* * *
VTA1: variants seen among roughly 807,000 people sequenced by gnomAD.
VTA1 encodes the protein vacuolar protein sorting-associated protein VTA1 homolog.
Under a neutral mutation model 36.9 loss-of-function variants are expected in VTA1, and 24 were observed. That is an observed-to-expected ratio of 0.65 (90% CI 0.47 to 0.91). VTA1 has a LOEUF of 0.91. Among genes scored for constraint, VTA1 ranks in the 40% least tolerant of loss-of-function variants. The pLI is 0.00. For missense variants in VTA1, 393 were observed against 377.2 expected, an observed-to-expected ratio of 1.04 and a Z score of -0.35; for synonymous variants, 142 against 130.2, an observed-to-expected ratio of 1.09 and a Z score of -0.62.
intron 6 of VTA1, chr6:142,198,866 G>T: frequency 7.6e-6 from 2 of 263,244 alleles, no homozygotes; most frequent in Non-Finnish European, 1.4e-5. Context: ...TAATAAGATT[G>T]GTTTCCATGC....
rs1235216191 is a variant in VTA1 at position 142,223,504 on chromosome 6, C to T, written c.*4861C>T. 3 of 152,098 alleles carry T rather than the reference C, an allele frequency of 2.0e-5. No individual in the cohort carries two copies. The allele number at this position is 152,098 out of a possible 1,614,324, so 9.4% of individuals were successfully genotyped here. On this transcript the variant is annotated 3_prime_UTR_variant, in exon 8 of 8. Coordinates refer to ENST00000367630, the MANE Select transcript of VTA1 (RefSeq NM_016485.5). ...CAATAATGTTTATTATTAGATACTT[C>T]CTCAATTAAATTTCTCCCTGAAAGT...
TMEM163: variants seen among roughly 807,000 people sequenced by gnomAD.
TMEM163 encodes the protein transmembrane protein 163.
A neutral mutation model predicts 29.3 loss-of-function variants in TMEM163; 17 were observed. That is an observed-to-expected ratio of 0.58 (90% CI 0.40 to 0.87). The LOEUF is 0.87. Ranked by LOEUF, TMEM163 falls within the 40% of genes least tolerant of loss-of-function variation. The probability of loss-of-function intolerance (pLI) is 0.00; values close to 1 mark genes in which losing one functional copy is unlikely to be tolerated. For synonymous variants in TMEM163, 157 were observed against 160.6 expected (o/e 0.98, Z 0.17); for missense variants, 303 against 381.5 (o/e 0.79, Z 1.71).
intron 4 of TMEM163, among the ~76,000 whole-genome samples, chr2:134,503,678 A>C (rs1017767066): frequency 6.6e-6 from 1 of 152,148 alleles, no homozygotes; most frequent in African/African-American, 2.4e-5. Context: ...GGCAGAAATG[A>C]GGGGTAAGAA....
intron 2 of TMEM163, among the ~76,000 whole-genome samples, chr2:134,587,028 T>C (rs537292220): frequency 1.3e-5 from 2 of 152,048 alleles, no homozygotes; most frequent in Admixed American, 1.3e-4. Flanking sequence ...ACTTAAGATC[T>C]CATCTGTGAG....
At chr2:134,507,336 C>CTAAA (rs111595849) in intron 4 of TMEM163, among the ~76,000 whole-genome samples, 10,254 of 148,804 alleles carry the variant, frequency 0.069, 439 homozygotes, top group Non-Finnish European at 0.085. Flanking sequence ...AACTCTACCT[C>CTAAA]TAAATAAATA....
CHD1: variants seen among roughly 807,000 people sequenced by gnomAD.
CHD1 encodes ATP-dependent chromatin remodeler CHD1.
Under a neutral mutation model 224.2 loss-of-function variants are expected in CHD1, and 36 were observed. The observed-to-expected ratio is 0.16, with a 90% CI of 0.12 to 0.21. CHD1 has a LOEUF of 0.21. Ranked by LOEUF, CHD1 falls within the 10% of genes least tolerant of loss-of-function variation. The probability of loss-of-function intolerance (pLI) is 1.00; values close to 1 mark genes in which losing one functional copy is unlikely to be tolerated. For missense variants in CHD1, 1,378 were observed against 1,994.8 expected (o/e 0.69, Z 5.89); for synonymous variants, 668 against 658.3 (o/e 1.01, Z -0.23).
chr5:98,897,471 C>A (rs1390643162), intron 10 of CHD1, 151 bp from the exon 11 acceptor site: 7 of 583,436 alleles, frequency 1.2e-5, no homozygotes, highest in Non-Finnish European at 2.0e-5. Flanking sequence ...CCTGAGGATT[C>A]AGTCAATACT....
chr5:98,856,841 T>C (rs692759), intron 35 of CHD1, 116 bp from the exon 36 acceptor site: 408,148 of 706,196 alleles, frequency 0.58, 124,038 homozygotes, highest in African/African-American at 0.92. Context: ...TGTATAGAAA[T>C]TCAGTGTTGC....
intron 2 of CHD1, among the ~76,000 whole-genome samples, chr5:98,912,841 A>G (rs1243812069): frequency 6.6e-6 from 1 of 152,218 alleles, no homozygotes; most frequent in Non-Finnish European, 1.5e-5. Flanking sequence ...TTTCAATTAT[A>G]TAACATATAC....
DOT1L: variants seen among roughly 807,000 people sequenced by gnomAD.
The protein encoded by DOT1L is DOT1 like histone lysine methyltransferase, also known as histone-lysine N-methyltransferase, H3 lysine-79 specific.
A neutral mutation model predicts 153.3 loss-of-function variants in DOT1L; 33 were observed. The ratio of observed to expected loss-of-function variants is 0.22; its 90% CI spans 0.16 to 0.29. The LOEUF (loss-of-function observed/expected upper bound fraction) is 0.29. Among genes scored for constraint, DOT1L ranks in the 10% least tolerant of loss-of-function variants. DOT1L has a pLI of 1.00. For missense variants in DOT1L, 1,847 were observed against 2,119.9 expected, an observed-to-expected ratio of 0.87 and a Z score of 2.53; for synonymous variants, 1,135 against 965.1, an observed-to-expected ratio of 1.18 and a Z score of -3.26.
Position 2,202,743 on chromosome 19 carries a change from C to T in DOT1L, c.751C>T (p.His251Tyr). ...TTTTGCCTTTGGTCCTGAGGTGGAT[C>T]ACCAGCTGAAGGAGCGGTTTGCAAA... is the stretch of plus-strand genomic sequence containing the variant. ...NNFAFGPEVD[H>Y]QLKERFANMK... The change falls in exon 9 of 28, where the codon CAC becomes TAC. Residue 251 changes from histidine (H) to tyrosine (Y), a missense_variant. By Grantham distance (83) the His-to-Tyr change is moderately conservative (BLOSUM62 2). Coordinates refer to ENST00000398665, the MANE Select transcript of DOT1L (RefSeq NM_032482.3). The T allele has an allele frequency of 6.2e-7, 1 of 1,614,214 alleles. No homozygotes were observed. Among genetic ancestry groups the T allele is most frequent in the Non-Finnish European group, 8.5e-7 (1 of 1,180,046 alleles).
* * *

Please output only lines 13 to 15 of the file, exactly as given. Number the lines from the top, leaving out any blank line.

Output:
CHD1 encodes ATP-dependent chromatin remodeler CHD1.
Under a neutral mutation model 224.2 loss-of-function variants are expected in CHD1, and 36 were observed. The observed-to-expected ratio is 0.16, with a 90% CI of 0.12 to 0.21. CHD1 has a LOEUF of 0.21. Ranked by LOEUF, CHD1 falls within the 10% of genes least tolerant of loss-of-function variation. The probability of loss-of-function intolerance (pLI) is 1.00; values close to 1 mark genes in which losing one functional copy is unlikely to be tolerated. For missense variants in CHD1, 1,378 were observed against 1,994.8 expected (o/e 0.69, Z 5.89); for synonymous variants, 668 against 658.3 (o/e 1.01, Z -0.23).
chr5:98,897,471 C>A (rs1390643162), intron 10 of CHD1, 151 bp from the exon 11 acceptor site: 7 of 583,436 alleles, frequency 1.2e-5, no homozygotes, highest in Non-Finnish European at 2.0e-5. Flanking sequence ...CCTGAGGATT[C>A]AGTCAATACT....